Following up from my first blog post, I thought I’d include questions I have received. Thank you to everyone who contributed and I hope you find the information and advice useful.
1. I have considered (several times really) about going back to University to get another qualification. I’ve considered part-time and distance learning, but I worry about having a lack of motivation to do the studying. Just wondering what has your experience been in that area? — Bert
Motivation is a funny thing. How come when I’m really busy with other things I want to study, yet when I have nothing to do I suddenly find housework inexplicably alluring? Being a distance student means that here is no consistent schedule of lectures and tutorials, and so I have to motivate myself if I want to succeed. That said, there are a multitude of factors that can motivate study: the satisfaction of receiving a good result in an essay is enough for some; others find focusing on long-term goals such as the career prospects helps to drive them; many that find a particular subject of interest will mean they put a lot of effort into it because they enjoy it. Personally I find a mixture of these factors motivates me. For me there is nothing better than learning something new. When I find myself lacking motivation, I simply stop studying. Better to stop than to crawl along and not fully take in what I’m reading.
2. i am presently a senior health inspector with 20 years of experience and holder of a diploma in sanitary science in mauritius and is willing to follow a distant learning professional and postgraduate course to enrich myself,earn academic skill and to be on top.my fear and doubt are;will this investment in terms of money,personal involvement,time be a good investment.please could you help and advise. — Michael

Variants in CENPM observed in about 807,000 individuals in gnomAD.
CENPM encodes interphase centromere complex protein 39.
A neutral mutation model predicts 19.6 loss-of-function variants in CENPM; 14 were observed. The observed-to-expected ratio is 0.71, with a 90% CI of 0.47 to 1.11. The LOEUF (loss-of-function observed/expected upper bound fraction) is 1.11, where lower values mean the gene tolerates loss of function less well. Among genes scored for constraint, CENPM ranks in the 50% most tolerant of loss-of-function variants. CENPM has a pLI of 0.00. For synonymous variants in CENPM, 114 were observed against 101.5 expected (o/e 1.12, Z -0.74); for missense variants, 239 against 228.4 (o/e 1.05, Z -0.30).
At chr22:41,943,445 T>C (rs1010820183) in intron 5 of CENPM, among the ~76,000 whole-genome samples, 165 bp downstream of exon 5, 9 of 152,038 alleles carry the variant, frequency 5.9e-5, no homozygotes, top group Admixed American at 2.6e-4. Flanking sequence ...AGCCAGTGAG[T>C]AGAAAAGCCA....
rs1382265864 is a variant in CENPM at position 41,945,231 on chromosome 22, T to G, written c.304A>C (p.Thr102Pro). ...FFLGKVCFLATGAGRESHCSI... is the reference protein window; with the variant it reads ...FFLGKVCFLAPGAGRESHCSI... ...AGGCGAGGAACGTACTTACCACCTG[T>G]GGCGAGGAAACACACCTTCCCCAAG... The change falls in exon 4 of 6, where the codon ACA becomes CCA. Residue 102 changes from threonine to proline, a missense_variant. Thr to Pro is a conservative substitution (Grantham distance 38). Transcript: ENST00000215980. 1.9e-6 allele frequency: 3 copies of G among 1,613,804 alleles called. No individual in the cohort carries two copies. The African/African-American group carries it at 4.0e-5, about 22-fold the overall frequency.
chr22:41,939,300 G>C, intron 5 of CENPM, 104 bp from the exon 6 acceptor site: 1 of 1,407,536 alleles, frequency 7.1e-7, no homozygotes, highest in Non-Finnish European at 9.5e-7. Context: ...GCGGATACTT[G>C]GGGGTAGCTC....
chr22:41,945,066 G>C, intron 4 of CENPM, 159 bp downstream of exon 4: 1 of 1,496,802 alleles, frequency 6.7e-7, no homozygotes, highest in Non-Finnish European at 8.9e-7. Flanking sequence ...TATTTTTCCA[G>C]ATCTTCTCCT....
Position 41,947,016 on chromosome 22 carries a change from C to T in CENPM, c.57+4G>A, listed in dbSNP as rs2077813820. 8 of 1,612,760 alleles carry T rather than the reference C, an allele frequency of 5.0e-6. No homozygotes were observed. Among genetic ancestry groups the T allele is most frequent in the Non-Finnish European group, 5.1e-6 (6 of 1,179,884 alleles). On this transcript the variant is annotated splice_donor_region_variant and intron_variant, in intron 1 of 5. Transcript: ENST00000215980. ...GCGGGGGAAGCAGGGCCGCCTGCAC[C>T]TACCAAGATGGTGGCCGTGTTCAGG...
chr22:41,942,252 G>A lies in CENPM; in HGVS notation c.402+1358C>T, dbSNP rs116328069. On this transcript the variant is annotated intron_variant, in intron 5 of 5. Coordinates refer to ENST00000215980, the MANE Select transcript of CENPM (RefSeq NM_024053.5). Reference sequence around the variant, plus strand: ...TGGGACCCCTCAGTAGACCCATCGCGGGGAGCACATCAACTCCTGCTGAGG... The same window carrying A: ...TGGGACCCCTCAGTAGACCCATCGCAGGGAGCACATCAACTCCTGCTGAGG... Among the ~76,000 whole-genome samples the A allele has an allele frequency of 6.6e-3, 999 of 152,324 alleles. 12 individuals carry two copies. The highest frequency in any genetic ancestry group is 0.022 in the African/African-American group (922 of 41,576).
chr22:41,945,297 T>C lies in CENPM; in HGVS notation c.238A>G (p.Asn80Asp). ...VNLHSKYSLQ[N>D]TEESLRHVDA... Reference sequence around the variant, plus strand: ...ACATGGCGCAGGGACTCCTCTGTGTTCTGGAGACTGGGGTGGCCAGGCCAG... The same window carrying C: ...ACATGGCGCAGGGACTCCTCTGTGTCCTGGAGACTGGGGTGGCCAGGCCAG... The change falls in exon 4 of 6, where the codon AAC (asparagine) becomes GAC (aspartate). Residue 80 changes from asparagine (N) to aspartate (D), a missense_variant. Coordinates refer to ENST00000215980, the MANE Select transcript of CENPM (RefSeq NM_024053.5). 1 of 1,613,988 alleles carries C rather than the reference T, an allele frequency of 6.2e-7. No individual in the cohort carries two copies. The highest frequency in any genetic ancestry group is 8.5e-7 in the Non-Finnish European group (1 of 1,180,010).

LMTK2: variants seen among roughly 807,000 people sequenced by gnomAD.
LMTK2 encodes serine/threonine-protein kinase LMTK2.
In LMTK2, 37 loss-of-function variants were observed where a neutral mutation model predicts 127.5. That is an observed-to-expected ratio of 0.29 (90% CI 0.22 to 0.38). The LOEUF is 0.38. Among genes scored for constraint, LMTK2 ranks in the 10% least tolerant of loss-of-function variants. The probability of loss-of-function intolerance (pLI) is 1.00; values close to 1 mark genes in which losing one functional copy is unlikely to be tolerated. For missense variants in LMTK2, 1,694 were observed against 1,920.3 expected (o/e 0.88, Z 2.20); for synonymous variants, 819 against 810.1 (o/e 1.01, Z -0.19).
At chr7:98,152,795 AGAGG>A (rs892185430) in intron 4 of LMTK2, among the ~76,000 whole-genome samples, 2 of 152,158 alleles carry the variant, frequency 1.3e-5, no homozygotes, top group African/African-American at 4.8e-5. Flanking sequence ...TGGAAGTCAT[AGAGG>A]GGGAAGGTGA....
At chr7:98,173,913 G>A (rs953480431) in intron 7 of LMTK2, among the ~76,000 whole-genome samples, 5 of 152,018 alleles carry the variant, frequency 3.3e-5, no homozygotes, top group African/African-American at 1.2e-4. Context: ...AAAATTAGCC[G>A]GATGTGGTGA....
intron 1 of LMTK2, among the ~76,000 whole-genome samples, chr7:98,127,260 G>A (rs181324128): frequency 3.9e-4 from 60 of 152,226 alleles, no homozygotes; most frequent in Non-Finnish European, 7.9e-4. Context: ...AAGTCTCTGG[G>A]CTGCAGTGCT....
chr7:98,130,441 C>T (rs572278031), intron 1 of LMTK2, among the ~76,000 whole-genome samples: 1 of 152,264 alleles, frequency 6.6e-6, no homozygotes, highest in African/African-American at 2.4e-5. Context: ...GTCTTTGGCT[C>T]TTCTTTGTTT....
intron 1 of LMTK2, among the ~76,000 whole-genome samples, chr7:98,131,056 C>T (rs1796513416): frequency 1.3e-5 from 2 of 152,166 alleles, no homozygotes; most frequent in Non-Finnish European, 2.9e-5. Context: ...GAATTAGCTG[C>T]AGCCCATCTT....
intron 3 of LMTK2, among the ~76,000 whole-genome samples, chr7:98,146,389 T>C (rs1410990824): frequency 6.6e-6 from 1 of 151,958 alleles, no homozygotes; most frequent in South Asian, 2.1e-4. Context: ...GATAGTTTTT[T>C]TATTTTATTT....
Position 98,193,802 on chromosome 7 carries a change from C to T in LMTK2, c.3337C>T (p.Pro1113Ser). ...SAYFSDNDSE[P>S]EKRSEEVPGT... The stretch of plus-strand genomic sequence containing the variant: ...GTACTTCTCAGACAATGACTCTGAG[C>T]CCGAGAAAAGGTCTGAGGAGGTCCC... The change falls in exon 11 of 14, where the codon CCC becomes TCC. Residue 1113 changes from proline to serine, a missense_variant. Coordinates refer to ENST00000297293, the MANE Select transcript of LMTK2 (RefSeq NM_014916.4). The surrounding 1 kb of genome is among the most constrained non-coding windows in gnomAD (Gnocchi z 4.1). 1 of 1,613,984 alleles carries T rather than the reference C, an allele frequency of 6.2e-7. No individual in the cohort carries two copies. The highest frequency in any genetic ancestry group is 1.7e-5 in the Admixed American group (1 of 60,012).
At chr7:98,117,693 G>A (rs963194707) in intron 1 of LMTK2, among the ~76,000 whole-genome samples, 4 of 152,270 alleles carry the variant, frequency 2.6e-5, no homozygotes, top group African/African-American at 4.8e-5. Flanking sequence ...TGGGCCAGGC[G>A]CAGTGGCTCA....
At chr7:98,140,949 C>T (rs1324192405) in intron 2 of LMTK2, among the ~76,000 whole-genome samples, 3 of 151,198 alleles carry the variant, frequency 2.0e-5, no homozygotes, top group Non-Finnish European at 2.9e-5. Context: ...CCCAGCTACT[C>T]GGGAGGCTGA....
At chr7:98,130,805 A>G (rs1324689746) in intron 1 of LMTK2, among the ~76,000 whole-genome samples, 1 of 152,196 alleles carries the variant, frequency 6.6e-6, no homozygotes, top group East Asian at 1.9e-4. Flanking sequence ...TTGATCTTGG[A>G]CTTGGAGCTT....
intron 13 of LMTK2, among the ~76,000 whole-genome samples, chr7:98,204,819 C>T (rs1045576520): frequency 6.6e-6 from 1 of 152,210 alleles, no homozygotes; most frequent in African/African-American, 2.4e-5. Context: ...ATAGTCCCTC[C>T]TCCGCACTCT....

The issue of investment is a tricky one when it comes to any sort of further or higher education. I’m sure you’re well aware that a degree – even at a postgraduate level – no longer ‘guarantees’ any sort of employment, never mind what would be considered a ‘decent’ salary. The fact that you have a lot of experience and already hold a diploma will definitely give you a head start if you do decide to follow a distance learning postgraduate course. You are investing your money not only in your career, but yourself. I think that, as long as you can afford it, furthering your study is a great idea. It is worth looking further into courses that interest you. Good luck!
3. Reading this has given me extra hope for going back to learn new things. but like alot of people paying for the travel can be a deal breaker, especially when also have other bills and whatnot. But distance learning could be a good option — James
It is a good option James, especially if you would like to study a particular course but cannot find something suitable at local Universities and are not prepared to move far away to study. Of course the best part is that you can generally work more hours while studying from a distance, as long as you are prepared to perhaps spend longer studying a degree than a full-time student. Personally I find it works out very well. It’s always good to have money and the joys of student discounts. The down side is finding time to relax and unwind (and use that student discount). There is no doubt about it – work, personal and studying commitments will always clash at some point and the temptation to go out to the pub rather than sit and read on a Saturday evening is never easy.
4. Considering you work full-time, how do you find being able to combine a full-time job and distance learning? Do you struggle for time, or can it be handled with decent time management skills? Though I enjoy my work at the moment (train driver) I find the idea of studying and learning a new craft intriguing, so I’d appreciate to hear your thoughts — Adam
I covered some of this in the previous question and the answer — as you’ve said yourself — is time management. Essays don’t write themselves (unfortunately) and until they do, time management is the best way to ensure that you don’t fall behind with assignments or spend too much time reading and not enough drafting essays. Balancing work and studying is something that gets easier with time if you are realistic about your goals and stick to a schedule. At the end of the day it is only yourself you are letting down if you fail, so it certainly pays to plan ahead and the benefits will soon become apparent.
5. Surprisingly I am finding distance learning is not as overwhelming as I expected, not as yet at least. However, I do think that I need to be doing more reading regarding the essay assignment —
R. Samuel, Security and Risk Management student